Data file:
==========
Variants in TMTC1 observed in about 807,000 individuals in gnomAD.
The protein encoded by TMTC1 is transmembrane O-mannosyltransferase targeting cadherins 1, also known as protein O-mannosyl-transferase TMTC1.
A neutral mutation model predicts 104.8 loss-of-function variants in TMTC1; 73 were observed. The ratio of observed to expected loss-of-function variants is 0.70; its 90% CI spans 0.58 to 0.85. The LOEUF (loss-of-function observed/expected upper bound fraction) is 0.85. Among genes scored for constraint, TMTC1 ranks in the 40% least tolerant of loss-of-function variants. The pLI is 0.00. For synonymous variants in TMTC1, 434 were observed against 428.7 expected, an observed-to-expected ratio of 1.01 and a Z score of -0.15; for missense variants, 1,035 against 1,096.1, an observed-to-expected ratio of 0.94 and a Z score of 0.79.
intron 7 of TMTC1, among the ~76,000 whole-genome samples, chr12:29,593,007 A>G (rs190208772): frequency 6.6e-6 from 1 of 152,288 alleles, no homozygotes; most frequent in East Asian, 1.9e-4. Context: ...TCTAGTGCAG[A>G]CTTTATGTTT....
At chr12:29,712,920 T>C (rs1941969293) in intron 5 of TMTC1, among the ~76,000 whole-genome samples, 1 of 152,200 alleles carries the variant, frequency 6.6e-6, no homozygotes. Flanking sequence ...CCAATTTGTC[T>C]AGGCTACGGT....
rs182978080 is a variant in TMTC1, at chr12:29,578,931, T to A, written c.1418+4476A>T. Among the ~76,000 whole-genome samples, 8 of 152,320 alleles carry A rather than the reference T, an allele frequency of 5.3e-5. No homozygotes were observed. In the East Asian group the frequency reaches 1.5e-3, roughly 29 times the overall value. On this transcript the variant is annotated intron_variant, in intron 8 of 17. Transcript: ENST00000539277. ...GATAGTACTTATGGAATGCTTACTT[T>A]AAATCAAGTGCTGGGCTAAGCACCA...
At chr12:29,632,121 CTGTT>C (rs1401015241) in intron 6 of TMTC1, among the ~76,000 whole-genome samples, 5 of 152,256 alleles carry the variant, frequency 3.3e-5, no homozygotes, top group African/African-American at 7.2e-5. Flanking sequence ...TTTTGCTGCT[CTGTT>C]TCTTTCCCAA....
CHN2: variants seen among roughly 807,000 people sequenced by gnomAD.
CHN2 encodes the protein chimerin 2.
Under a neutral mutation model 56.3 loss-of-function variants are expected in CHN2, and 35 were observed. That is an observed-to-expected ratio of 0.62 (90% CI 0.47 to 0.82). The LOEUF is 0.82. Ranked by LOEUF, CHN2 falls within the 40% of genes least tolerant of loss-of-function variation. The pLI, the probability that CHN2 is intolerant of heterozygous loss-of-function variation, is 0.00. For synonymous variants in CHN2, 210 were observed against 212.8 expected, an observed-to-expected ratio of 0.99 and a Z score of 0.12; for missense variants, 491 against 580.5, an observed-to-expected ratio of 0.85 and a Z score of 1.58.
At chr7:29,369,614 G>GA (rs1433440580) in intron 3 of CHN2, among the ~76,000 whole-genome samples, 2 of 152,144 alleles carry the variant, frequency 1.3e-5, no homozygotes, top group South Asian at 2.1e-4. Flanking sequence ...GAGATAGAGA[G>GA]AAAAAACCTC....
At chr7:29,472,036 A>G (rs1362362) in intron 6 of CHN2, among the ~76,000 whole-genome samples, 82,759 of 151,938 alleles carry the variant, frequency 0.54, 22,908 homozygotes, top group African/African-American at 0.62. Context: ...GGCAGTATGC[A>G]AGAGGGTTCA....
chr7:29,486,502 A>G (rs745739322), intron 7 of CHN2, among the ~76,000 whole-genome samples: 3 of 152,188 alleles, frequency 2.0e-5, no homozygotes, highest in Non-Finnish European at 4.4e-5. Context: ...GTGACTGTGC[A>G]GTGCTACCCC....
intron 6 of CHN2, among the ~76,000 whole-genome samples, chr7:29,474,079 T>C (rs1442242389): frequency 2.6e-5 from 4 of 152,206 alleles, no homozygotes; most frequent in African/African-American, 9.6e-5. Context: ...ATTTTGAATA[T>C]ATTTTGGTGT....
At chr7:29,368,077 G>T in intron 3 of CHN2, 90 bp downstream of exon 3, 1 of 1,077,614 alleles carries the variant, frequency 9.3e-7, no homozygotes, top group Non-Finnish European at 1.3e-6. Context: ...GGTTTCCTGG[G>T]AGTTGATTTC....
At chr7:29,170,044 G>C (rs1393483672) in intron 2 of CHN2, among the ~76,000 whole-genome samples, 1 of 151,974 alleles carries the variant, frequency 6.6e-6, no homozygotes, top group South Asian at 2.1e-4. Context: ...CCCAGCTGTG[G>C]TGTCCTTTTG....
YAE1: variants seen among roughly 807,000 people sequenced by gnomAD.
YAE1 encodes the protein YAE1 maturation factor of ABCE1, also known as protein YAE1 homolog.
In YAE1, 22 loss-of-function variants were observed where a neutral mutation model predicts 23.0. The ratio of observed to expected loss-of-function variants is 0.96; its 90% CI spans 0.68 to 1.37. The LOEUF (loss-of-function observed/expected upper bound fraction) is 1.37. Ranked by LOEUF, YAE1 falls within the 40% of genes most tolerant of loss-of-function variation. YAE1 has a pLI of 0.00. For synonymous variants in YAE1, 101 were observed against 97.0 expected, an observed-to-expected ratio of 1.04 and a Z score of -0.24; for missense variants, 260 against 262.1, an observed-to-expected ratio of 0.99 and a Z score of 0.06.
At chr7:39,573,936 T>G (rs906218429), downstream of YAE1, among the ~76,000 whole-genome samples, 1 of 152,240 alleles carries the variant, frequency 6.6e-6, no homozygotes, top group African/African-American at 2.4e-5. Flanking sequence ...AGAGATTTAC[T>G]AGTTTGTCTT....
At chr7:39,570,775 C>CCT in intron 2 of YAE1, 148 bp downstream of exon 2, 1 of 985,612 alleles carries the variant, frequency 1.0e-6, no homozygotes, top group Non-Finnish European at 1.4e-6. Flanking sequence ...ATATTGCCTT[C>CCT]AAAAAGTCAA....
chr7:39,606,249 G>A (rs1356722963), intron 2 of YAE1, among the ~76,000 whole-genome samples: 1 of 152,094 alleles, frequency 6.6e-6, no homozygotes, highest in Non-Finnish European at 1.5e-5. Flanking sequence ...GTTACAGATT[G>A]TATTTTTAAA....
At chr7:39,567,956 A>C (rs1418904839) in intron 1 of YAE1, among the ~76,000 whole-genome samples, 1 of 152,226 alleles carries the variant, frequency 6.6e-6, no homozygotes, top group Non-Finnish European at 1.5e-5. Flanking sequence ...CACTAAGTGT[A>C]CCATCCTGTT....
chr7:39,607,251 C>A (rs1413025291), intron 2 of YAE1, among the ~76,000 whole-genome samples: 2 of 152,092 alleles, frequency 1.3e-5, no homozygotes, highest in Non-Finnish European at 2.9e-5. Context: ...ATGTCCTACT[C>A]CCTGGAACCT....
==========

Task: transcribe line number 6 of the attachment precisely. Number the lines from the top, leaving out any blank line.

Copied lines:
rs182978080 is a variant in TMTC1, at chr12:29,578,931, T to A, written c.1418+4476A>T. Among the ~76,000 whole-genome samples, 8 of 152,320 alleles carry A rather than the reference T, an allele frequency of 5.3e-5. No homozygotes were observed. In the East Asian group the frequency reaches 1.5e-3, roughly 29 times the overall value. On this transcript the variant is annotated intron_variant, in intron 8 of 17. Transcript: ENST00000539277. ...GATAGTACTTATGGAATGCTTACTT[T>A]AAATCAAGTGCTGGGCTAAGCACCA...